If you’re a fire dancer celebrating a birthday with other fire dancers, sometimes the flames on the cake candles just don’t cut it. At least that was true for Liz Breen Campanella and her friends one Chicago evening in 2004. After the party they decided to have some fun doing what they love best—fire dancing—and went down to the lakefront. They quickly drew an enthusiastic crowd that wanted more, and Full Moon Jam was born.
Campanella is the founder and director of Full Moon Jam as well as manager and performer for Pyrotechniq, a worldwide traveling troupe of fire performers.
A jam consists of groups of fire dancers moving to music provided by local percussionists. They use tools such as poi (a set of chains with weighted ends), staff, hula hoops and fans. The dances are one part artistry and one part athleticism, inspired by South Pacific cultural traditions.
Before a jam begins, a large area known as the Great Circle is roped off where six to eight fire dancers perform at any given time. Spectators and drummers locate themselves around the outside perimeter of the circle.
Jams are informal. Sometimes only a handful of dancers or drummers shows up; sometimes there are dozens. The public is invited to attend and anyone is welcome to bring drums; however, only certified fire dancers are allowed in the ring along with their assigned safety person.
Jams take place on the night of the full moon falling between Sunday and Thursday. If a full moon occurs on a Friday or Saturday, the celebration is scheduled for a Thursday or Sunday. Most of the jams take place at the lakefront park between Foster and Lawrence avenues. They start after sundown and end at 10:15 p.m., allowing 45 minutes for clean up before the park closes. All park rules are strictly observed, including the ban on alcohol and substance use. At the end of the jam spectators and performers alike help clean up—this is a “leave no trace” event.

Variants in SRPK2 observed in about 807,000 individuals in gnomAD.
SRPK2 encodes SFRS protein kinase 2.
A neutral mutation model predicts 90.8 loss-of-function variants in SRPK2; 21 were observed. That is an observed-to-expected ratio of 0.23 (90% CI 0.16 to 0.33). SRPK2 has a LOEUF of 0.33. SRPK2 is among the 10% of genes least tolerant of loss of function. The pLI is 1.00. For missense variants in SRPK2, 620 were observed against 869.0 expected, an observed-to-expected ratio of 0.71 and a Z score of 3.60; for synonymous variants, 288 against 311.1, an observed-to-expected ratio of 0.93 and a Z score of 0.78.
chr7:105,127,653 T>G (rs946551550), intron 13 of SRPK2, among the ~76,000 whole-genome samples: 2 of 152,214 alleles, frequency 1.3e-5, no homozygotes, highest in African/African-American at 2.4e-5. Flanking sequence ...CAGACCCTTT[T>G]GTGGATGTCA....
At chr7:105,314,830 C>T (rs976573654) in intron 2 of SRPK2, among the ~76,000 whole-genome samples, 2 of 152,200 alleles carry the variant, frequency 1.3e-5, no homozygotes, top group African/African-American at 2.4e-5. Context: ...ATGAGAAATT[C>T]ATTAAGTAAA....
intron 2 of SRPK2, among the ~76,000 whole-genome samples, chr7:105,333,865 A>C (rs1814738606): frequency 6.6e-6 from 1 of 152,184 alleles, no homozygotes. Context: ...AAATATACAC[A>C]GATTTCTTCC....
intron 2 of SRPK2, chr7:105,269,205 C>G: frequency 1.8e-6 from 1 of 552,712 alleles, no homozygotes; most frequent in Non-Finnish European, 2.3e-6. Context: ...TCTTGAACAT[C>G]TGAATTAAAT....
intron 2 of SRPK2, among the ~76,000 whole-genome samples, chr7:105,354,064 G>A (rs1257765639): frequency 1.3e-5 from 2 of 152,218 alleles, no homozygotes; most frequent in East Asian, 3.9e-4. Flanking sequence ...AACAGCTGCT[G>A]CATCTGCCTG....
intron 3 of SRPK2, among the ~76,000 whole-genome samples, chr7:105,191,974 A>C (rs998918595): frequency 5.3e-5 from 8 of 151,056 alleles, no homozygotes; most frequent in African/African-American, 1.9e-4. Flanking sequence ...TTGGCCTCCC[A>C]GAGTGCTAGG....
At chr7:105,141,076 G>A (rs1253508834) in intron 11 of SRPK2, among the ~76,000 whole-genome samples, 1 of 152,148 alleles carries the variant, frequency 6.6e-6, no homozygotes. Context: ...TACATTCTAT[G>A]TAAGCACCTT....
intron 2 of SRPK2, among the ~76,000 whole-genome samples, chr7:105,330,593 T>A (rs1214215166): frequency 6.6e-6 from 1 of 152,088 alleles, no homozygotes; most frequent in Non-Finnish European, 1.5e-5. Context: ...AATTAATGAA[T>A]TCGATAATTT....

Campanella loves her community of fire dancers (in Chicago alone there are 400-500 fire dancers) and the fun they have doing Full Moon Jam.
Campanella says everyone has a good time. The jams are family-friendly and people come out with blankets, lawn chairs and picnics. Even dogs are welcome as long as they remain on leashes.
“It’s not just the fire dancers that have fun. It’s the drummers, it’s the kids, it’s the families with their picnics,” says Campanella.
The event is free. For a complete schedule and more information, visit fullmoonjam.org.
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